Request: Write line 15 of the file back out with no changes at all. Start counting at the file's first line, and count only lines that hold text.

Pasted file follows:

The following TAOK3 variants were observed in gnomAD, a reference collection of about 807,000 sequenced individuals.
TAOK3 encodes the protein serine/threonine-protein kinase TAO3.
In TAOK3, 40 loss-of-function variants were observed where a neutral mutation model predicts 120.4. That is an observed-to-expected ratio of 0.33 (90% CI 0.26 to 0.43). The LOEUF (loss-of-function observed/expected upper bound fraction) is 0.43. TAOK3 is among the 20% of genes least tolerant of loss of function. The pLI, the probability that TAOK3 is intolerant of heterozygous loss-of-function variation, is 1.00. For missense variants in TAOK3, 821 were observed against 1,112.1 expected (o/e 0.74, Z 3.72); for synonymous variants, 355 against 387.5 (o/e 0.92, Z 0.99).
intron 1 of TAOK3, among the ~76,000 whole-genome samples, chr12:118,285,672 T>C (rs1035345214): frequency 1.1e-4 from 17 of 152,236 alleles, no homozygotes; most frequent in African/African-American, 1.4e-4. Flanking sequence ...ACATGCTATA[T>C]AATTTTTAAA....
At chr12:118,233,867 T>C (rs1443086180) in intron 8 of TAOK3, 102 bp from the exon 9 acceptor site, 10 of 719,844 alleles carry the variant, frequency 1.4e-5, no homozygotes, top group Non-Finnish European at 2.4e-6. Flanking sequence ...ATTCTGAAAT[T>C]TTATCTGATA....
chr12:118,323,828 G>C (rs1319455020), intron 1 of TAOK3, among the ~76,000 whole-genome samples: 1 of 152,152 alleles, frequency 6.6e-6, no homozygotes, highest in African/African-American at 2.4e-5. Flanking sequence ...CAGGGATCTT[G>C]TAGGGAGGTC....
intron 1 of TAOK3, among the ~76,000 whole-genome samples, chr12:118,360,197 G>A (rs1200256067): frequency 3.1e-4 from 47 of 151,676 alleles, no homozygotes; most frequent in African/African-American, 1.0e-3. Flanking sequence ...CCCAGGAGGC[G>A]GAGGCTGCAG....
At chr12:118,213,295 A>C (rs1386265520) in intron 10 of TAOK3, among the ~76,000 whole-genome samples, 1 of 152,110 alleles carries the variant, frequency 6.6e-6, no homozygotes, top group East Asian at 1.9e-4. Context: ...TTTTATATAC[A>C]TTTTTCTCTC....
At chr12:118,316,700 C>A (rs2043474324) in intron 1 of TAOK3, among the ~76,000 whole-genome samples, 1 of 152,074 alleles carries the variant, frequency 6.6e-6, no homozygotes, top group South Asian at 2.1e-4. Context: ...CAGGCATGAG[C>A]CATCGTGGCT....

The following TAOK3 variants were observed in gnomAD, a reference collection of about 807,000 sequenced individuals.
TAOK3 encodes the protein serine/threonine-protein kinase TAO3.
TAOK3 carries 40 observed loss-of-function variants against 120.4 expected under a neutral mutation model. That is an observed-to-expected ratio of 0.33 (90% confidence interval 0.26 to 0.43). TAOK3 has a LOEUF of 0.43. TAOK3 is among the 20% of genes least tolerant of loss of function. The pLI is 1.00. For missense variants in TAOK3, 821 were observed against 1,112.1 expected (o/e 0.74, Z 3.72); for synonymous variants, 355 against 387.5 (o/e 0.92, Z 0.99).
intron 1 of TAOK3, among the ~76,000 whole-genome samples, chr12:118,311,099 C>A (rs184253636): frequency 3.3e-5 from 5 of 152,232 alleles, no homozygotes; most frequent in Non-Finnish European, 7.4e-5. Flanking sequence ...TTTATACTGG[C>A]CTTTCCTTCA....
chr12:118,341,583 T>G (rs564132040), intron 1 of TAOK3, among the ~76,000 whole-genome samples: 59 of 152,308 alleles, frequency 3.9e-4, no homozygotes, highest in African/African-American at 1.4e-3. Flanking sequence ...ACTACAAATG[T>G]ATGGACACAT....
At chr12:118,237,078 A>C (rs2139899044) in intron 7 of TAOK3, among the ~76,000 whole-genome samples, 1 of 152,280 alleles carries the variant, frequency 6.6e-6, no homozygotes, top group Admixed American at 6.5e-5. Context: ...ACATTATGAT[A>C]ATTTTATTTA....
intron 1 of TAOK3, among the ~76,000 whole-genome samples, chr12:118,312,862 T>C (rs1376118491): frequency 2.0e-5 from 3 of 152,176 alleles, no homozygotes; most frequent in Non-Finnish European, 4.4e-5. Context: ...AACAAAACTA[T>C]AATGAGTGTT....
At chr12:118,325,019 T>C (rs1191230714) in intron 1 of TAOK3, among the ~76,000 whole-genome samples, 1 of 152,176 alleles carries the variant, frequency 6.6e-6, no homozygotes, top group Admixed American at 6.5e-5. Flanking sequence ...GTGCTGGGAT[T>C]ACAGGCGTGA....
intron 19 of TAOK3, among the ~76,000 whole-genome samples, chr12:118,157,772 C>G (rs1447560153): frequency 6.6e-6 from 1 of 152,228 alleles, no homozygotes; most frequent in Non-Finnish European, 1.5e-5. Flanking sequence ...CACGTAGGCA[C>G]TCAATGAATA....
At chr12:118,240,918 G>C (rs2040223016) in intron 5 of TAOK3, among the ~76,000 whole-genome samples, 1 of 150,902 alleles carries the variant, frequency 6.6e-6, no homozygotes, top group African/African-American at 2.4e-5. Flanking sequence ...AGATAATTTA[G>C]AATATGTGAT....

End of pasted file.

At chr12:118,237,078 A>C (rs2139899044) in intron 7 of TAOK3, among the ~76,000 whole-genome samples, 1 of 152,280 alleles carries the variant, frequency 6.6e-6, no homozygotes, top group Admixed American at 6.5e-5. Context: ...ACATTATGAT[A>C]ATTTTATTTA....